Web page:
<em>Spider-Man: Across the Spider-Verse</em> is an incomplete triumph ARTICLE

Spider-Man: Across the Spider-Verse is an incomplete triumph

What I can tell you at this point about Across the Spider-Verse is that I want to see it about ten more times.

A deep dive: <em>The Little Mermaid</em> then and now ARTICLE

A deep dive: The Little Mermaid then and now

There’s something profoundly melancholy about Disney returning, in its present state of creative exhaustion and corporate decadence, to The Little Mermaid — the nucleus from which the entire Disney renaissance exploded, in a way along with everything that has followed.

Science fiction and transcendence: <em>2001: A Space Odyssey</em> and the elusiveness of awe ARTICLE

Science fiction and transcendence: 2001: A Space Odyssey and the elusiveness of awe

Released 55 years ago, Stanley Kubrick’s iconic masterpiece — honored on the 1995 Vatican film list — has often been likened to “a religious experience.” Why do some of its successors capture this better than others?

The spirit of <em>Rocky</em> lives on in the <em>Creed</em> trilogy ARTICLE

The spirit of Rocky lives on in the Creed trilogy

Sports movies are among the most durable of genres, and nostalgia sequels and long-running franchises have become almost the norm for popular movies from the past half-century, but the legacy of Rocky is unique.

<em>Groundhog Day</em> at 30 and the riddle&nbsp;of Bill Murray ARTICLE

Groundhog Day at 30 and the riddle of Bill Murray

Thirty years on, the spiritually evocative, time-bending comedy is as beloved as ever, but its legendary star has been subjected to new scrutiny over reports of inappropriate behavior.

2022: The year in reviews ARTICLE

2022: The year in reviews

The movie year 2022 was a year of memory and identity, with one film after another exploring how memory both gives us access to our past, to our roots, and also distorts and obscures the past.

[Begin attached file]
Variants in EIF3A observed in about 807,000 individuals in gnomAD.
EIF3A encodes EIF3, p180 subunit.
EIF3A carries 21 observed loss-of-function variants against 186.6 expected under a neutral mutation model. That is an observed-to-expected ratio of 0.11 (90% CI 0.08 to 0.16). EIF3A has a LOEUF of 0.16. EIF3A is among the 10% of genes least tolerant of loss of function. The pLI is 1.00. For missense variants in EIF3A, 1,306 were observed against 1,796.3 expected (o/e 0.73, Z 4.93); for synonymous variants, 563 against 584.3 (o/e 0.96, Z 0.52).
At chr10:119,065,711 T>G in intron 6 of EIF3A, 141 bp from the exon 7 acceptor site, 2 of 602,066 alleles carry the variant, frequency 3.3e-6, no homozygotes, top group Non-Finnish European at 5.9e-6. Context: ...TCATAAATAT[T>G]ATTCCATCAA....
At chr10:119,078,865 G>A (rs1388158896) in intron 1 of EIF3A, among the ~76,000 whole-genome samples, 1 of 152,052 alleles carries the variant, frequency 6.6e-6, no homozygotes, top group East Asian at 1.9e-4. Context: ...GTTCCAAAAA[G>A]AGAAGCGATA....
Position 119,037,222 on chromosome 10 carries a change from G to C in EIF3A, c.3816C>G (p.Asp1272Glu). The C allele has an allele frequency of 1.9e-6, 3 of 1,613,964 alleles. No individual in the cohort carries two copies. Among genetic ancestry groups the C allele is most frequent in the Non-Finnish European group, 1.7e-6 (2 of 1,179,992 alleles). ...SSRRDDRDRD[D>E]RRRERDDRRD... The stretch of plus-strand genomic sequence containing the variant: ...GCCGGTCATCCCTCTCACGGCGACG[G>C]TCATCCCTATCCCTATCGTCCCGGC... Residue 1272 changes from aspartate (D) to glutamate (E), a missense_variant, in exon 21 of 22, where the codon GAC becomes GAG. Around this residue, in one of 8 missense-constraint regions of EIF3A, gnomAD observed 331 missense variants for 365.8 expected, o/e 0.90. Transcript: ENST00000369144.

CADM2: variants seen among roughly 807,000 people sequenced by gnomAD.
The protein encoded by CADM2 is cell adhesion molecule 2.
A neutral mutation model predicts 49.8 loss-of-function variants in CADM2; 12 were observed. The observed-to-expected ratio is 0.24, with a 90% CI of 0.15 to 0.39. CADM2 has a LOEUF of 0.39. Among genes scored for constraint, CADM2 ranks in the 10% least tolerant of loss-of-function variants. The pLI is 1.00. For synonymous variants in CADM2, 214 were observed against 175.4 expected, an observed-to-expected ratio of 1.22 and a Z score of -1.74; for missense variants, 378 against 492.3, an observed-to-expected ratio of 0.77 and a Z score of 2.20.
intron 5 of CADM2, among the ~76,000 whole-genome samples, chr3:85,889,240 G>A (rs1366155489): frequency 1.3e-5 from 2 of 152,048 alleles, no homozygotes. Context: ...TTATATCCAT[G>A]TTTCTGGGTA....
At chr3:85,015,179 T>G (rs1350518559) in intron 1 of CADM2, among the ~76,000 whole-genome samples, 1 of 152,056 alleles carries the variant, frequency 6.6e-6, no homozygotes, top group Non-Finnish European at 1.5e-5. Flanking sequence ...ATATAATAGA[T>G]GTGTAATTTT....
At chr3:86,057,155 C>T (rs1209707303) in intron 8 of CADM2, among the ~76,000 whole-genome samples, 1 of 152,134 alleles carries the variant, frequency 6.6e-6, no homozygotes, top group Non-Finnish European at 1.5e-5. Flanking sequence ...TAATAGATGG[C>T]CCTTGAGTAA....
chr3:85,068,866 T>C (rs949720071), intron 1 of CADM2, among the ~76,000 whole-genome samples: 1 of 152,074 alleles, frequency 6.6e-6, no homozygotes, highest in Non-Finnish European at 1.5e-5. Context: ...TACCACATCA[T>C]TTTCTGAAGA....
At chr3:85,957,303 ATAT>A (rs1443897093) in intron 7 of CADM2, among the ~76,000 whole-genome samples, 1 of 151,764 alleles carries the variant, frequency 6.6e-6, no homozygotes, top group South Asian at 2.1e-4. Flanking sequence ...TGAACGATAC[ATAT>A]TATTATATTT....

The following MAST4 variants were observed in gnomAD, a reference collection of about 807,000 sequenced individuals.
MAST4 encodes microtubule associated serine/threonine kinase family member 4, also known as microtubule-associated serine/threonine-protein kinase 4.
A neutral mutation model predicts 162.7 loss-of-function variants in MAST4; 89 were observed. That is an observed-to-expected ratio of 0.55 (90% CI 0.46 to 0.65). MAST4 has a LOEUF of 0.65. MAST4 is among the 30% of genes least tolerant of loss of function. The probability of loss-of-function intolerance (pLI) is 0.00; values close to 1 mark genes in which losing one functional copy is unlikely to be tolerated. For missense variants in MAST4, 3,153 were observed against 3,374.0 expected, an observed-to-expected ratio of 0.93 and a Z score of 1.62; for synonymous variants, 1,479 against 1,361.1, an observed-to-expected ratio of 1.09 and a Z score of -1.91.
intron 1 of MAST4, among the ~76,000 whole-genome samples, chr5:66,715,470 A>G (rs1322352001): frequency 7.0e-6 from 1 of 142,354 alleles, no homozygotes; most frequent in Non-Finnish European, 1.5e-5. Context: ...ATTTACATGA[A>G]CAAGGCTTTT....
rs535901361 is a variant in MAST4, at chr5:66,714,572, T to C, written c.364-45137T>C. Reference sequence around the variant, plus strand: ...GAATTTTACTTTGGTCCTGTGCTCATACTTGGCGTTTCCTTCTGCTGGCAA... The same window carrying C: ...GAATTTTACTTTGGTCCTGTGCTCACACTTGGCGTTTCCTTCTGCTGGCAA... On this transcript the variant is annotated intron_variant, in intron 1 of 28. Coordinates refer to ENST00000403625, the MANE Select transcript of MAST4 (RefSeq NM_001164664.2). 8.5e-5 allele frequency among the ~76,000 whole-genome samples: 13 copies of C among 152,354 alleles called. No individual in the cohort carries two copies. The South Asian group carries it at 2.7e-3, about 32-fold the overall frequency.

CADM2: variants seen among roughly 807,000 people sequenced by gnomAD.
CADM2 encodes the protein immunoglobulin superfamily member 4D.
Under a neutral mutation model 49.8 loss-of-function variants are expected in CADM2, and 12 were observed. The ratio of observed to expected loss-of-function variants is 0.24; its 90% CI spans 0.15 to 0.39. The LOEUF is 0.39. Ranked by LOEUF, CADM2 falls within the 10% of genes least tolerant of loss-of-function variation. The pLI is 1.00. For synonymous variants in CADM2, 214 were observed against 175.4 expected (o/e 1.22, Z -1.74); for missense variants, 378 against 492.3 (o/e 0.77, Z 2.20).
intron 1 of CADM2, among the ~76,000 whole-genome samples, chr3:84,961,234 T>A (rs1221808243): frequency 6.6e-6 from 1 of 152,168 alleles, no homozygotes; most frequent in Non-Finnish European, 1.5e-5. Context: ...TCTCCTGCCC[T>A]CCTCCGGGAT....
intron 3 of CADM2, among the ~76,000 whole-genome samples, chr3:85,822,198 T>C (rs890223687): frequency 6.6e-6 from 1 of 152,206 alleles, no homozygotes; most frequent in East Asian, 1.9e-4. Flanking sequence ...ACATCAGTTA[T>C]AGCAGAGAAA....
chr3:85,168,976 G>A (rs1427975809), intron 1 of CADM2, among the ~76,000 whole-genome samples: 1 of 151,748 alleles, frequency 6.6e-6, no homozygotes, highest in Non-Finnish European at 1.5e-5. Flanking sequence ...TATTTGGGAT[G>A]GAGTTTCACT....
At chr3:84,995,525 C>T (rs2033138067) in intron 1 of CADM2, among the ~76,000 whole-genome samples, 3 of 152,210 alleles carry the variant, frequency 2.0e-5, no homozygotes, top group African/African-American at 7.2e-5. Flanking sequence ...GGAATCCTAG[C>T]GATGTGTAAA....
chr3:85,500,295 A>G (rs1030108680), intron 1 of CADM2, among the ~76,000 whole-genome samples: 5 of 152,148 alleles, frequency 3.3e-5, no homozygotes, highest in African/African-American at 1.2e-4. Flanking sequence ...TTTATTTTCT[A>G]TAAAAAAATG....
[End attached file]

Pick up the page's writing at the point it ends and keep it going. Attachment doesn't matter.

<em>Avatar: The Way of Water</em> is everything James Cameron wants movies to be ARTICLE

Avatar: The Way of Water is everything James Cameron wants movies to be

“A glorified South America” was one of the odder dismissive takes on Pandora, the alien world of the Na’vi in James Cameron’s Avatar, that I heard when the movie was in theaters. After all, who in their right mind wouldn’t want to see a glorified South America?

The Gospel According to the McDonaghs: <em>The Banshees of Inisherin</em>, <em>Calvary</em>, and <nobr><em>In Bruges</em></nobr> ARTICLE

The Gospel According to the McDonaghs: The Banshees of Inisherin, Calvary, and In Bruges

It’s tempting to view Calvary alongside Banshees and Bruges as a sort of unintentional McDonagh brothers trilogy: a “lapsed Catholic” trilogy, or, a bit more accurately, a “bad Catholics” trilogy, since most or all of the characters in Banshees and many of the characters in Calvary are at least minimally practicing.

Asghar Farhadi&rsquo;s masterful <em>A Hero</em>: A decent man does the right thing, more or less ARTICLE

Asghar Farhadi’s masterful A Hero: A decent man does the right thing, more or less

One of the things that makes Iranian filmmaker Asghar Farhadi (A Separation) such a riveting storyteller is how persuasively he imagines sympathetic characters who are more or less trying to do the right thing finding the consequences of that “more or less,” that small bit of wiggle room, compounding and spiraling out of control in unforeseen directions.

<em>The Rings of Power</em> at the end of season 1 ARTICLE

The Rings of Power at the end of season 1

Season 1 ended for me closer to the quiet end of the whimper-bang spectrum than I had hoped. Yet the highs of the season’s second half offer ongoing reason for sustained interest.